Almost On The WCT

The World Qualifying Series (WQS) is a tedious tour that forces those with dreams of making the WCT to travel to remote parts of the world and endure travel conditions that would make most people cry. Some surfers will go years before coming close to qualifying—Troy Brooks never thought he would beat Slater in the semis and then come extremely close with his victory in November at Haleiwa.

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The Vans Hawai’ian Pro is probably the most crucial WQS contest held during the entire ASP year. The points from a six-star rating combined with the fact that it’s the last contest of the WQS season means surfers looking to make the WCT will see their dreams diminished or achieved in one single day.

In optimal conditions, Hale’iwa is a nasty right-hander that draws heavily on big-wave experience; however, this year was the exact opposite. Due to a late-November northeast swell direction and a stiff onshore wind, the Pacific Ocean surrounding the east side of O’ahu as well as most of the North Shore looked like a giant washing machine. The swell missed Hale’iwa completely. Avalanche, a break less than half a mile west, was huge—unfortunately the contest site was tiny and blown out.

As each round wound down, the qualifying picture became more and more clear. Shane Beschen, Bruce Irons, Brazilian Raoni Monteiro, and Eric Rebiere—the first French surfer to ever make the cut—were basically the new qualifiers. In a situation eerily similar to last year’s, Chris Ward found himself on the borderline of qualification only to lose his first heat and suffer another heartbreaking finish to a decent year on the dreaded ‘QS.

The tiny surf was a perfect chance for the small-wave wizards from Brazil to capitalize and make their mark. Perennial favorites such as Mick Fanning, Joel Parkinson, and Bruce Irons found themselves desperate for high-scoring waves in the final minutes of their quarterfinals and were eventually ousted by names such as Armando Daltro and Neco Padaratz.

Moving toward the finals it looked like the Kelly versus Andy WCT showdown might have an exhibition match at tiny, sloppy Hale’iwa, but minutes into the first semi, Andy was the unlucky recipient of a paddling interference courtesy of Padaratz. Nine minutes into the heat he knew his day was over and went straight in, leaving Tim Curran the unenviable task of taking on Padaratz and Daltro (who requalified for the ‘CT by making it to at least the quarters). Timmy spent the last minutes of the heat trying to top a score of six and only pulling out a 4.3.

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As expected, semi two started with Slater and Jake Paterson scoring eights. Paterson was able to follow up for another high score, while Troy Brooks kept piling on the numbers as well. Then Slater got skunked. With six minutes left, all Kelly needed was a measly 3.5, but nothing came in. Scratching for anything, he found a small one, did two turns, and got a three—not enough. Kelly and Trent Munro were sent packing. Munro’s loss in the heat also meant Padaratz clinched the year’s WQS overall title as well. No Kelly, no Andy, and no waves.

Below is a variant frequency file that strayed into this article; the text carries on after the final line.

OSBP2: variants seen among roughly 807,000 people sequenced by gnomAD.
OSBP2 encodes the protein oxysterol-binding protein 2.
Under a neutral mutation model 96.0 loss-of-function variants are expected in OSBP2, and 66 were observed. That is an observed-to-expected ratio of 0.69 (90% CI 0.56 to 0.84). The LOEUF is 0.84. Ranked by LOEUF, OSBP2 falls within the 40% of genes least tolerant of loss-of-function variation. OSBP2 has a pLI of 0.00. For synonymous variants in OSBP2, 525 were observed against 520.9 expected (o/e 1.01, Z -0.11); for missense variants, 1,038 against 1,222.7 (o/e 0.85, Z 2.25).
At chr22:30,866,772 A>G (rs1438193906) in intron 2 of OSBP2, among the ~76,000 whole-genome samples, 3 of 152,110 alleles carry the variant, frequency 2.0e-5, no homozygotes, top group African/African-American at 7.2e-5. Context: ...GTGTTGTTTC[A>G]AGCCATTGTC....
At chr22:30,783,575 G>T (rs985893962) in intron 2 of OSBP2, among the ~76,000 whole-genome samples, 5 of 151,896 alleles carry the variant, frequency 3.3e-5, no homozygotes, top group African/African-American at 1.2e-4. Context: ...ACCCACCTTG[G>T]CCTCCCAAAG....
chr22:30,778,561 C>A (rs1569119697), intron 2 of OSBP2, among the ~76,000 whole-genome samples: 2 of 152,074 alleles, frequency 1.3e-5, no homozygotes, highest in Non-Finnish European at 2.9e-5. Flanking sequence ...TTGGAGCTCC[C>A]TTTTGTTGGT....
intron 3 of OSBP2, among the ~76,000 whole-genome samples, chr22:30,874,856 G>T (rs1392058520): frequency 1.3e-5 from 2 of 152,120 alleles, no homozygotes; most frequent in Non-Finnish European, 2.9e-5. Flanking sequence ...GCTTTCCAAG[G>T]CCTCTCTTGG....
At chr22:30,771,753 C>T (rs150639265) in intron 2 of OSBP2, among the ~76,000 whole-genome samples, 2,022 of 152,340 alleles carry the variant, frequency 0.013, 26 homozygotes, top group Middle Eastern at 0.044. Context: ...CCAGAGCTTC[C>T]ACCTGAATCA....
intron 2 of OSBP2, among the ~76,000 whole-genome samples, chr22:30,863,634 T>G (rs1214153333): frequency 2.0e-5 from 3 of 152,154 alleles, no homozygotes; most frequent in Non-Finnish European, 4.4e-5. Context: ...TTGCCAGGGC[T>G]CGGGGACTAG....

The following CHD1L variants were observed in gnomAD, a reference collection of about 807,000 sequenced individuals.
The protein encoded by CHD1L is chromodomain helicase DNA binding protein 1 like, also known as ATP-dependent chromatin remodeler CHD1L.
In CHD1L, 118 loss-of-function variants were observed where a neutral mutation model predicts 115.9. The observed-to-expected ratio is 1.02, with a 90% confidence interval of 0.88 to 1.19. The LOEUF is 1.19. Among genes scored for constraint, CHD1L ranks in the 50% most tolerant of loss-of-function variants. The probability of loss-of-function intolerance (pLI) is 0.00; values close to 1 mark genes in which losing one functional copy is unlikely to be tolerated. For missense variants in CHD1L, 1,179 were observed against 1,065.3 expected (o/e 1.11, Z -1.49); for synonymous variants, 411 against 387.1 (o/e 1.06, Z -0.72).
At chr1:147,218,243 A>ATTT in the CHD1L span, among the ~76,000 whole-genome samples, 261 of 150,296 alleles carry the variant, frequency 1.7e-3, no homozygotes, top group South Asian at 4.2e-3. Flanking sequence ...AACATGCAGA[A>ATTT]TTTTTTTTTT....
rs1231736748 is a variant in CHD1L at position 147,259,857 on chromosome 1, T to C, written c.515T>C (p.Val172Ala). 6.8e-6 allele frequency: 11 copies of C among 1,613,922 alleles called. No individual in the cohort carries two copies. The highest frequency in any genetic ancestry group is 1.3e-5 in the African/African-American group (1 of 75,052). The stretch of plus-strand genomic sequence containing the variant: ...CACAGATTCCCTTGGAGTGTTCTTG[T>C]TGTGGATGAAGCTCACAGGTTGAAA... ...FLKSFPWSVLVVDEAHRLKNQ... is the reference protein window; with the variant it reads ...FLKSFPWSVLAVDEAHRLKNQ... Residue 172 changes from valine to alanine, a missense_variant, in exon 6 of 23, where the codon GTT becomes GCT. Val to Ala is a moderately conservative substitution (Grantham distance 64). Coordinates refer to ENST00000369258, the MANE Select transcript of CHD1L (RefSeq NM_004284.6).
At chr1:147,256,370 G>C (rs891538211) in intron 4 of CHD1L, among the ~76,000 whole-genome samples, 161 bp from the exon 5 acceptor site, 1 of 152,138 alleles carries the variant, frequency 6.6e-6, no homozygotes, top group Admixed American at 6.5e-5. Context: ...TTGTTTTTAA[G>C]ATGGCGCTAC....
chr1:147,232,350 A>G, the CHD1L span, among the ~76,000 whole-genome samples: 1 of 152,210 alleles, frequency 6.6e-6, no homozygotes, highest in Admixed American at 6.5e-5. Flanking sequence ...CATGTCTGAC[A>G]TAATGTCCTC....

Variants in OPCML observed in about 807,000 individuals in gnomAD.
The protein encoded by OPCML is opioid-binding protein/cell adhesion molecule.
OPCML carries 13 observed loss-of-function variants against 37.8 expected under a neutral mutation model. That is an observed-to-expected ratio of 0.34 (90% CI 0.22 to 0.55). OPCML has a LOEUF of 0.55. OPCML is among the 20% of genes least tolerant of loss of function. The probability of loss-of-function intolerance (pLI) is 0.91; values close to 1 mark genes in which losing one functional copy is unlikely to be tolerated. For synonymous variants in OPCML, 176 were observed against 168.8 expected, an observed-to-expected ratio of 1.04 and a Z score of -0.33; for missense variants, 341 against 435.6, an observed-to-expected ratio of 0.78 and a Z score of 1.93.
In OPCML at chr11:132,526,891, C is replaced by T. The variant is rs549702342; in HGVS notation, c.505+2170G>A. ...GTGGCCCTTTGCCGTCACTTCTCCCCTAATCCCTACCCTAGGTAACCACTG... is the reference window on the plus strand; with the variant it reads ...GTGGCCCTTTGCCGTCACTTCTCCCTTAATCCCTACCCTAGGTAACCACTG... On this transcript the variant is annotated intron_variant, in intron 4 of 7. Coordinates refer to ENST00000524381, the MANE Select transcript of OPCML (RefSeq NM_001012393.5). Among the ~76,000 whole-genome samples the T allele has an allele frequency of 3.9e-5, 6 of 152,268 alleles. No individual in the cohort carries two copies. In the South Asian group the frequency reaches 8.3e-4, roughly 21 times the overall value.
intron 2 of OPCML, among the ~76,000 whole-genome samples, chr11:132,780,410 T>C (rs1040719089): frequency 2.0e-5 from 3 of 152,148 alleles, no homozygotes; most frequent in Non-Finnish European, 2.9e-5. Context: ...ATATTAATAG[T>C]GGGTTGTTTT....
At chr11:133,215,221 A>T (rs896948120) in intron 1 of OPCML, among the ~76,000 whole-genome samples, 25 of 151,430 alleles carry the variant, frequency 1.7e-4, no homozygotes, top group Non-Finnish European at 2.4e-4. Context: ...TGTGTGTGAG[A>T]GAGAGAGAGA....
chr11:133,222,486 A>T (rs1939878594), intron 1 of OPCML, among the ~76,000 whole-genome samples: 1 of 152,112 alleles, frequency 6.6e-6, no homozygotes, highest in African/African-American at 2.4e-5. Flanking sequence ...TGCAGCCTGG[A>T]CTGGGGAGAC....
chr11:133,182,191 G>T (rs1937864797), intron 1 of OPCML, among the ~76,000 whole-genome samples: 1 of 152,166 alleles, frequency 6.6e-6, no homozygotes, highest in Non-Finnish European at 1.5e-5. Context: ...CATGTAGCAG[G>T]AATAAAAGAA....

The real excitement was the announcement that Troy Brooks, rated number 51 on the WQS, could possibly qualify for the WCT with a win (depending on the results of the final two WCTs). And win he did. As soon as the heat began, he killed a shoulder-high left all the way in for an 8.17 and caught another one seven minutes later for an 8.27 to seal the deal. No excitement, but a freakin’ incredible miracle that a guy that far back in the ratings had possibly squeaked his way onto the WCT.

“I came into this event thinking that I didn’t have a chance, said an elated Brooks, “but that’s the best way—then you’re not stressed out. All of a sudden I was in the final, and then I found out I still had a chance (of qualifying for the WCT) if I could win. I started out poorly on tour this year and then played catch-up. Now I just hope notthing changes on the ratings, and I qualify.

After all was said and done, Brooks chances of qualifying was laid in the hands of Neco Padaratz advancing through his heats at Pipe. Probably watching from a computer screen back home in Victoria, Brooks watched as Neco Padaratz’ took a loss in round three at Pipe. Had Neco gone further, he wouldn’t have needed his WQS qualification and it would have opened a spot for Brooks. Just like Chris Ward, Bobby Martinez, and all the other hopefuls, Troy will just have to look forward to next year.—Checkwood

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Next year’s WCT seeds for the 2004 season:
1. Andy Irons
2. Kelly Slater
3. Taj Burrow
4. Mick Fanning
5. Joel Parkinson
6. Kieren Perrow
7. Taylor Knox
8. Mick Lowe
9. Cory Lopez
10. Dean Morrison
11. Jake Paterson
12. Shea Lopez
13. Phil MacDonald
14. Damien Hobgood
15. Danny Wills
16. Mark Occhilupo
17. Richie Lovett
18. Luke Egan
19. C.J. Hobgood
20. Kalani Robb
21. Guillerme Herdy
22. Victor Ribas
23. Beau Emerton
24. Nathan Hedge
25. Trent Munro
26. Peterson Rosa
27. Paulo Moura
28. Neco Padaratz
29. Mick Campbell
30. Chris Davidson
31. Lee Winkler
32. Pat O’Connell
33. Armando Daltro
34. Darren O’Rafferty
35. Toby Martin
36. Sunny Garcia
37. Tim Curran
38. Nathan Webster
39. Tom Whitaker
40. Shane Beschen
41. Bruce Irons
42. Eric Rebiere
43. Raoni Monteiro
44. Greg Emslie
45. Marcelo Nunes